Wednesday, November 27, 2002

New Rome, Meet the New Visigoths

I’m generally skeptical of grand historical theories, but Brink Lindsey presents a pretty persuasive one here. The basic notion is that through much of history, great civilizations have been threatened by primitive nomadic ones, and they have been vulnerable to the threat precisely because of their virtues: division of labor, use of agriculture, relatively fixed location, etc. Although the advent of guns ushered in a long hiatus in this general pattern (which Lindsey explains with plenty of historical detail), the pattern reemerged with a vengeance on September 11. As he puts it, the barbarians are at the gates once more.

Lindsey is on record as something of a war hawk (check out the archives of his blog if you doubt me), so it would not surprise me if the sequels to this article (two are promised) involve justifications for war. So it’s probably worthwhile to mention the anti-war implications of the historical parallels offered in the present article. The Roman Empire, the greatest civilization of its time, fell in large part because of the depredations of marauders and barbarians. And the barbarians were motivated to attack, in part, because of the things that made Rome great, such as its amazing wealth. But was not imperial overstretch also a large part of the problem? The Roman army was constantly on the march, conquering new territories and enforcing its rules on foreign cultures. Yes, the culture of Roman civilization was arguably superior in many respects to the cultures dominated (I’m not arguing the cultural relativist position here), but that’s not the point. The citizens of Rome were threatened by the Roman government’s willingness to incite the ire and violence of other societies.

I wonder if Rome might have survived longer if instead of sending armies into the barbarian hinterlands, it had instead focused its resources on defending its citizens against the barbarians at the gates.

UPDATE, added 2/12/07: A lot of people are finding this old post because of Glenn Reynolds's link to the one below. I should note that I posted a correction to this post here.


Monday, November 25, 2002

Stop the Rape Penalty

This country has a highly active anti-death penalty movement. But where, I wonder, is the anti-rape penalty movement? That is the question that jumped to mind when I read Stuart Banner's excellent blog post about the strange inconsistency of anti-death penalty activists who cast a blind eye to other needed prison and sentencing reforms. I found the following observation especially telling, given that the supposedly "humane" alternative to death is life in prison:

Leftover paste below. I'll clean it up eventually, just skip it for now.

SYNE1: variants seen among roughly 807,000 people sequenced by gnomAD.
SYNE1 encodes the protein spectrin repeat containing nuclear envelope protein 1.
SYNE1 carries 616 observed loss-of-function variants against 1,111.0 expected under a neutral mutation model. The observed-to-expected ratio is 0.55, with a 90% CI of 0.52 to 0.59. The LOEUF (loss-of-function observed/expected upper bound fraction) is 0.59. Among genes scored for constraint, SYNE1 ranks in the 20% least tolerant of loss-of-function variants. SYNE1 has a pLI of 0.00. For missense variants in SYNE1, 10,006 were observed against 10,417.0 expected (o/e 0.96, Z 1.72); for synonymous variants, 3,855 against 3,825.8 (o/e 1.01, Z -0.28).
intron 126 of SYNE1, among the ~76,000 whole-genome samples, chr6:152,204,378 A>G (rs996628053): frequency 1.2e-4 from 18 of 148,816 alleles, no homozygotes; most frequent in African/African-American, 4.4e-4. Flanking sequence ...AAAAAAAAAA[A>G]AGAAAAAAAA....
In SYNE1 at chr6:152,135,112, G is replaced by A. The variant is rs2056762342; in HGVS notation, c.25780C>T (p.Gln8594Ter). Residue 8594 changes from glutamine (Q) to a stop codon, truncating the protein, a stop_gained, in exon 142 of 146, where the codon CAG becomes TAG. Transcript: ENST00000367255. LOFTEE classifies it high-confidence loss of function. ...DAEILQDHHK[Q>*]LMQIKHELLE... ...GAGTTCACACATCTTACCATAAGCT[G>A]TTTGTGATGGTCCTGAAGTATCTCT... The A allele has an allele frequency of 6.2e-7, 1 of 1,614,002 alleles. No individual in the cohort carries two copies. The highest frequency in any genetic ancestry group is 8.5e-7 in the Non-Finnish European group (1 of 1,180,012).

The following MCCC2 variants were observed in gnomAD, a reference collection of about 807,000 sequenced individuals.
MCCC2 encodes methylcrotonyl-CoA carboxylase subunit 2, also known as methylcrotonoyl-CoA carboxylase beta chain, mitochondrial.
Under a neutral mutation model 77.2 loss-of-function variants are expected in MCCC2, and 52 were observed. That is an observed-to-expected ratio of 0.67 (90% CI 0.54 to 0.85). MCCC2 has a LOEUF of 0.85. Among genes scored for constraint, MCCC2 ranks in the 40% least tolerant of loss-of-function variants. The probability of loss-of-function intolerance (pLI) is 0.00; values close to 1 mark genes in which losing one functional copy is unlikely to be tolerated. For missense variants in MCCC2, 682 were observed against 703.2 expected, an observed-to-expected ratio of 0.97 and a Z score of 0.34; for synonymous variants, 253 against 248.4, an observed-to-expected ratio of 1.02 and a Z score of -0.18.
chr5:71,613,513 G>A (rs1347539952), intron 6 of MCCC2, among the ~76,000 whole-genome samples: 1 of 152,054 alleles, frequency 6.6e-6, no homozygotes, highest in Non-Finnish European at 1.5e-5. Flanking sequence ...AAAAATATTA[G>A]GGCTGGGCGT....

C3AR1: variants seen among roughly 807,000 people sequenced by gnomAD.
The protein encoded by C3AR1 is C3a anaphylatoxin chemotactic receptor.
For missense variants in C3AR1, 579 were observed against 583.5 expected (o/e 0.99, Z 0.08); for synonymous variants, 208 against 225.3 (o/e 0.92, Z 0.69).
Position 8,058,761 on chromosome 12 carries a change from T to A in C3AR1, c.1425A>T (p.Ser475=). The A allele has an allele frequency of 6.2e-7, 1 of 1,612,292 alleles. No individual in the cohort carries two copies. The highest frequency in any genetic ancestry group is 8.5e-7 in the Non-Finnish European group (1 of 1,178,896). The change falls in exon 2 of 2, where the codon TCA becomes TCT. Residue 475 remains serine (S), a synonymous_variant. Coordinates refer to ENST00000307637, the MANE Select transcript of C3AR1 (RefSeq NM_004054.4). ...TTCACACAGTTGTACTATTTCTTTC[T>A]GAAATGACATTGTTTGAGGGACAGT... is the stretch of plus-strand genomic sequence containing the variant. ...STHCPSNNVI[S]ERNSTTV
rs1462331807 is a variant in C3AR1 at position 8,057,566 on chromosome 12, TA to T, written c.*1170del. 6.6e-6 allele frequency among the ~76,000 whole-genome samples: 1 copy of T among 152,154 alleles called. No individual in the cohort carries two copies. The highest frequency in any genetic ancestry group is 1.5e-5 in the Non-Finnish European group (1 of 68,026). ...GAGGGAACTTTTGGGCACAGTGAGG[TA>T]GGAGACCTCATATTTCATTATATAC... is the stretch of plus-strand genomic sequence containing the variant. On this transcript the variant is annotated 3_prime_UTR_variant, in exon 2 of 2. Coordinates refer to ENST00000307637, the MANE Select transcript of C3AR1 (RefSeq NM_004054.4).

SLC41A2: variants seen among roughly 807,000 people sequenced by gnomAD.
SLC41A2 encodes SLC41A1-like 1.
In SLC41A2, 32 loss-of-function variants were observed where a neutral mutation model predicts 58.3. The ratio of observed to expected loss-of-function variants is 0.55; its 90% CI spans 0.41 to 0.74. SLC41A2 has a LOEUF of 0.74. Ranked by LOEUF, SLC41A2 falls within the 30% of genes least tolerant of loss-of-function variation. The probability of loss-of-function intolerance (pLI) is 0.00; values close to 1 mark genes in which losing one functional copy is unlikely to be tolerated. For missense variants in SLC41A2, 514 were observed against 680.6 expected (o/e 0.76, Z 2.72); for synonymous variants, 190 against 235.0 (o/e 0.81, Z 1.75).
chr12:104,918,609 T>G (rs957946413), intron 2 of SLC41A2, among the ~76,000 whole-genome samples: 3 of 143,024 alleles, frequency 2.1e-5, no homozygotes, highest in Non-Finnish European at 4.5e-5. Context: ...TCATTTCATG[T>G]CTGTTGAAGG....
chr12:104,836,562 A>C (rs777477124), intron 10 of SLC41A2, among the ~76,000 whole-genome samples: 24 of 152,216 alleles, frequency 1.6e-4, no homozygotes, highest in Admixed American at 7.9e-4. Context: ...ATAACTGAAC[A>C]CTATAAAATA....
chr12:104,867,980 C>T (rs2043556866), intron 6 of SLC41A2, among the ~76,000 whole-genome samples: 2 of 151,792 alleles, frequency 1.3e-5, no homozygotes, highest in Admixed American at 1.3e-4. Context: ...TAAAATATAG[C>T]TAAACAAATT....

I'm always reminded of William Witherspoon, whose death sentence was vacated by the Supreme Court in a famous case in the late 1960s. A few months after the decision, when no one was paying much attention to him any longer, Witherspoon was resentenced to 50 to 100 years in prison. His new sentence was "worse than the death penalty," Witherspoon wrote to his lawyer. "Is not 100 years death? All they have done with this sentence is to change the method of execution. Hell, they could have just cut the voltage down and gotten the same effect."
Banner doesn't mention the issue of prison rape, but it was fresh my mind because of a recent article in the L.A. Times Magazine (Nov. 3 edition) by Fred Dickey: "Rape. How Funny Is It?" (available at the L.A. Times website for a price). Most people don't give a damn about prison rape, probably because of the widespread notion that the victims deserve it. But most people would also agree that rape is as serious a crime as murder, or close to it, so you'd think the anti-death penalty crowd would at least weigh in on the subject.

Indeed, I think prison rape is probably a *more* pressing problem than the death penalty, for at least four reasons. First, it's much more common. There are fewer than 100 executions per year in the U.S. (according to the ACLU's death penalty page), whereas the number of prison rapes per year is probably in the thousands or even tens of thousands. It's hard to make a good estimate because the problem hasn't been studied extensively, but in one survey 1 in 10 male prisoners reported having been raped, and there are currently 2 million people serving time in the U.S., so "thousands" is probably a conservative estimate. (See, for instance, the testimony of Lara Stemple of the organization Stop Prisoner Rape.) Second, unlike the death penalty, prison rapes occur without the official approval of a single judge or jury. Third, prison rape is inflicted without any sense of proportionality to the crime. You can go to prison and get raped for a minor drug offense, for instance, whereas the death penalty is only imposed for the very worst crimes. Fourth, prison rape often turns out to be a de facto death penalty, since rates of HIV infection in prison are as much as 10 times the national average.

If the death penalty is a problem, then isn't prison rape an even bigger problem?

UPDATE, added 2/12/07: I see that Glenn Reynolds has linked to this post. Interested readers might want to read this follow-up post on that I wrote a couple of years later on the same topic.


Reductio Creep

Turns out that Julian blogged on the same phenomenon I did in my last post, and he dubbed it "reductio creep."